Brain tumors are one of the deadliest forms of cancer mainly because of their sensitive location, and complex surgery involved to remove them. In a breakthrough development, a new research carried out by researchers at UC, San Francisco have led to much needed treatment options for patients for whom removing tumors through surgery is not viable.
Using tumor genome sequencing, the team identified the first targeted drug for the treatment of chordoid gliomas. The condition which is an uncommon type of brain cancer develops in the third ventricle, which is a fluid-filled pocket to provide cushion to the brain. While these tumors develop slowly, their proximity to the hypothalamus make them difficult to remove and can be fatal.
Study Reveals Single Mutation of Distinct Gene Common across Few Testing Samples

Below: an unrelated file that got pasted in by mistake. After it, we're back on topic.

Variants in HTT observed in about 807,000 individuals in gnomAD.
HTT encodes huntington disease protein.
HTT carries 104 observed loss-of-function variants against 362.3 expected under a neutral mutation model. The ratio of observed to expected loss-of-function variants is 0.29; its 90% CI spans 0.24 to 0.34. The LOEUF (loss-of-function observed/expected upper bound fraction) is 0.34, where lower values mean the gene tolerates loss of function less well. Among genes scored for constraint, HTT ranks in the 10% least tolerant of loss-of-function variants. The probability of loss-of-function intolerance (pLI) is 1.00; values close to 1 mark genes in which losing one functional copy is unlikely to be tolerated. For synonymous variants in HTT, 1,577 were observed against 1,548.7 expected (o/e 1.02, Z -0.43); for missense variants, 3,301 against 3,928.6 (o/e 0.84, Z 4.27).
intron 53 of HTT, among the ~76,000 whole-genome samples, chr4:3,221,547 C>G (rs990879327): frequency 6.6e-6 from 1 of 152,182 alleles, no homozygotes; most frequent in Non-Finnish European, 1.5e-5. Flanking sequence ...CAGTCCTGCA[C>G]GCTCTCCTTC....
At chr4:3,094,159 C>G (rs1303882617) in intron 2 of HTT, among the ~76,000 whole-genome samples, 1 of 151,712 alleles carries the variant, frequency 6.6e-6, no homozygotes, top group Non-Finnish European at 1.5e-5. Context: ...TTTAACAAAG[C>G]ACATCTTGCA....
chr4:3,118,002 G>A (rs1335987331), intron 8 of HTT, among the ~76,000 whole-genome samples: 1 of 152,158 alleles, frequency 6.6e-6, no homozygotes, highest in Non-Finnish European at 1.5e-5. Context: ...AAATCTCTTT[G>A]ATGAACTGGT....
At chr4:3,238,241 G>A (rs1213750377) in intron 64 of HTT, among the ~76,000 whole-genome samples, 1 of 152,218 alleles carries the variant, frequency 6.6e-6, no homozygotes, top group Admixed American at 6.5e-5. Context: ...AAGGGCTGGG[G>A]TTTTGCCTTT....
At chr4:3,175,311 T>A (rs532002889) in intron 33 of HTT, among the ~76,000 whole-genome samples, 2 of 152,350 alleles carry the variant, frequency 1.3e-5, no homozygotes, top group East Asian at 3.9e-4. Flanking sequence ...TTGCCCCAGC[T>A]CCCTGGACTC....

Published recently in the Nature Communications, the study involved sequencing the genomes of 13 chordoid glioma tumors. What was found to be common across all 13 samples was PRKCA to be the only gene to witness single mutation. PRKCA is an element of a key growth pathway MAP kinase, which does not perform in normal brain cells. However, mutation in PRKCA leads to activation of MAP kinase pathway to result in reckless division of cells developing into tumor.
Although PRKCA is so far not known to be mutated in any other cancer, the research lead revealed most human tumors activate the same growth pathway through some genetic mechanism. As MAP kinase pathway is commonly implicated in cancer, the targeted drugs are commercially available and approved by FDA. Trametinib- a drug used to treat melanoma was tested by researchers on brain cells with PRKCA mutation.